To examine HIV-1NLAD8 replication in DCs, Gag p24 levels in supernatants from virus-pulsed DCs were measured at 3, 5, and 7 dpi. T-20 was used to block viral fusion during the infection. In the absence of T-20, the amount of p24 in HIV-1NLAD8-infected cells increased five- to sixfold in iDCs, mDC-TNF-α, and mDC-CD40L from 3 dpi to 7 dpi, while low levels of p24 (330 to 410 pg/ml) were present in mDC-LPS supernatants during the infection (Fig. (Fig.4B).4B). Similar levels of p24 were detected in supernatants from infected iDCs and mDC-CD40L and were higher than that in supernatant from mDC-TNF-α. In the presence of T-20, viral replication in iDCs, mDC-TNF-α, and mDC-CD40L was efficiently blocked, indicating that HIV-1 replication in these cells requires fusion-mediated entry. In contrast, T-20 had no effect in mDC-LPS (Fig. (Fig.4B),4B), indicating fusion-independent viral endocytosis in mDC-LPS. Incubation of HIV-infected DCs with the reverse transcriptase inhibitor azidothymidine efficiently blocked the p24 in the supernatants (not shown), suggesting that the low levels of p24 released by mDC-LPS may result from a small amount of progeny viruses generated from endocytosed HIV-1.
To investigate restricted HIV-1 replication in mDC-LPS, HIV-1 DNA from HIV-1NLAD8 infected DCs was quantified at 2 dpi by real-time PCR. Basal levels of HIV-1 late RT products (24 copies/50 ng cellular DNA; detection limit, 10 copies) were found in mDC-LPS, while 40- to 80-fold (P < 0.0001) more late RT products were detected in other types of infected DCs (Fig. (Fig.4C).4C). As expected, 2-LTR circles were undetectable in infected mDC-LPS but were measured in other types of DCs, in the range of 232 to 482 copies per 250 ng cellular DNA (Fig. (Fig.4D).4D). These data indicate that restricted RT is responsible for the postuptake block of wild-type HIV-1 replication in mDC-LPS.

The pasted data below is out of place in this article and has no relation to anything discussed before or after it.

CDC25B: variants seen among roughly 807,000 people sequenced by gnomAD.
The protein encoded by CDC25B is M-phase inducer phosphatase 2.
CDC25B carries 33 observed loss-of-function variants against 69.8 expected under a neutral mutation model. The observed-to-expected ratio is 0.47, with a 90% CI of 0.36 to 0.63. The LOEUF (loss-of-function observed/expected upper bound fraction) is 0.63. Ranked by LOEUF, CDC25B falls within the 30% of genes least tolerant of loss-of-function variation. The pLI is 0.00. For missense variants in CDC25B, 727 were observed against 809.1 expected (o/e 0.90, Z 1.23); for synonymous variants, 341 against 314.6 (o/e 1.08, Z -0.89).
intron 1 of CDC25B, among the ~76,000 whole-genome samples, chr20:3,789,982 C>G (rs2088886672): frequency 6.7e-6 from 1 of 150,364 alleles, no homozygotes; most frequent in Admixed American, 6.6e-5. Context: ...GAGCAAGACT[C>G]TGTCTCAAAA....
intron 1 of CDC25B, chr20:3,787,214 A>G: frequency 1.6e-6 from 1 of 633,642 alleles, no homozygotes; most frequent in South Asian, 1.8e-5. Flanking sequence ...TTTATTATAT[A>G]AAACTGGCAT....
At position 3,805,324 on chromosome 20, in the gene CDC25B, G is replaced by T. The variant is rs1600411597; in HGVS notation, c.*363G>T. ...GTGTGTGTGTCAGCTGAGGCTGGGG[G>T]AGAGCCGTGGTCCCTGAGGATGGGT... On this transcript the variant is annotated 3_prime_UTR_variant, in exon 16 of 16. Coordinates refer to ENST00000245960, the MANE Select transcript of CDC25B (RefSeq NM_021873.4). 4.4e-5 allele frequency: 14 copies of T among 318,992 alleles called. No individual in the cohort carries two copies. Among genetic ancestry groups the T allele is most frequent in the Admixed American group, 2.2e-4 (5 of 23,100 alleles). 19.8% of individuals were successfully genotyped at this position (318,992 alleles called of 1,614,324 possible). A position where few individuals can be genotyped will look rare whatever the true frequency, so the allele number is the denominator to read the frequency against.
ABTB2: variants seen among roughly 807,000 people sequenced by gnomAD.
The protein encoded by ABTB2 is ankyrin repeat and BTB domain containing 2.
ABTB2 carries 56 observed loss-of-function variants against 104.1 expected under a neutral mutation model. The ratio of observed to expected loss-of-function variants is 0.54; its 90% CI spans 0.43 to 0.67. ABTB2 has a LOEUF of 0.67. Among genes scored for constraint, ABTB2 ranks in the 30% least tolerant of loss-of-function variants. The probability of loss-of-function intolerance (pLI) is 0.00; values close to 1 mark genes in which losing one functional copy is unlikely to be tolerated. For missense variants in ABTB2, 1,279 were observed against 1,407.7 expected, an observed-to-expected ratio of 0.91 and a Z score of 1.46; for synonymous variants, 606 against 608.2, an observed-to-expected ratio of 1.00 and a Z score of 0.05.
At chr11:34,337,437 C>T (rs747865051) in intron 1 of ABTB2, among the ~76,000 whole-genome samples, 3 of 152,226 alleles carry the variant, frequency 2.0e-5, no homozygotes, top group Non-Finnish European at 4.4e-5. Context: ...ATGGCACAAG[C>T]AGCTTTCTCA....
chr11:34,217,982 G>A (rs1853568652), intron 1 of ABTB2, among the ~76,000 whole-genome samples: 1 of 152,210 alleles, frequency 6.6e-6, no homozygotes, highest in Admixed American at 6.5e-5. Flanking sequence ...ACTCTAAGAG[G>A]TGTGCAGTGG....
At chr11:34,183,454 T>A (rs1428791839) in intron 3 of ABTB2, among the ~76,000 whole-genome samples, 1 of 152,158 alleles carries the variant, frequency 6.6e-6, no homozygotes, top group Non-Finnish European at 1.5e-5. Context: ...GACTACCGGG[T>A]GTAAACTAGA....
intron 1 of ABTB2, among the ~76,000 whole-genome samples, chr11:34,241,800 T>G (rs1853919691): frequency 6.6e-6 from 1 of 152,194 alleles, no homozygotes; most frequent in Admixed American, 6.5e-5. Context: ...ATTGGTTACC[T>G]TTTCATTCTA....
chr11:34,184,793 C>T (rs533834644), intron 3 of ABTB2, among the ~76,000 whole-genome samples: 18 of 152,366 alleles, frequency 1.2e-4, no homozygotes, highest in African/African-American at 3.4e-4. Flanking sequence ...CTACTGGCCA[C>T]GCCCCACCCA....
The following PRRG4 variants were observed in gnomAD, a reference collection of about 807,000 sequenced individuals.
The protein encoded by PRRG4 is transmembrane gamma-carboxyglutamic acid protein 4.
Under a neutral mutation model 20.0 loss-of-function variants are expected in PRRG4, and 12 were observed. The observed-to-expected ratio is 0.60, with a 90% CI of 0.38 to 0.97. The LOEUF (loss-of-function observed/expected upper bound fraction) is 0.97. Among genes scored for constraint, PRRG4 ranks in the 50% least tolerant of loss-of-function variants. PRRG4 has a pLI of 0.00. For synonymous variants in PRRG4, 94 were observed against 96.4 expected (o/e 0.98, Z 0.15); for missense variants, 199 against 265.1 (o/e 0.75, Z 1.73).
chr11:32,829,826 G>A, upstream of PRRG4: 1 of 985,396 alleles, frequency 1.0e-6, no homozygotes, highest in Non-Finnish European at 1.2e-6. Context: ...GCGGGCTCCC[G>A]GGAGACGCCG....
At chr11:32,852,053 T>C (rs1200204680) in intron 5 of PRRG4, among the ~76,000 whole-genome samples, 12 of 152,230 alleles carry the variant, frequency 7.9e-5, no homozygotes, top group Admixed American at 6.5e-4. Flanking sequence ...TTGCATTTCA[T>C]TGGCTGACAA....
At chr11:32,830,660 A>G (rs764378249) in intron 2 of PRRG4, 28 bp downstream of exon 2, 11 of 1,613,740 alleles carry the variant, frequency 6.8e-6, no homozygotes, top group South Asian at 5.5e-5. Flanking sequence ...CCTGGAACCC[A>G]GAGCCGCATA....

To examine whether endocytosed virus in DCs can produce viral DNA, various types of DCs were pulsed separately with HIV-1NLAD8 and cultured for 12 h before detection of late RT products. T-20 was used to block HIV-1 fusion during the infection. In the absence of T-20, HIV-1 late RT products were present at 751, 54, 101, and 836 copies per 50 ng of cellular DNA from iDCs, mDC-LPS, mDC-TNF-α, and mDC-CD40L, respectively (Fig. (Fig.5A).5A). In contrast, only basal levels of late RT products (14 to 27 copies) were detected in infected DCs in the presence of T-20 (Fig. (Fig.5A),5A), suggesting that fusion-mediated viral entry is required for productive synthesis of viral DNA.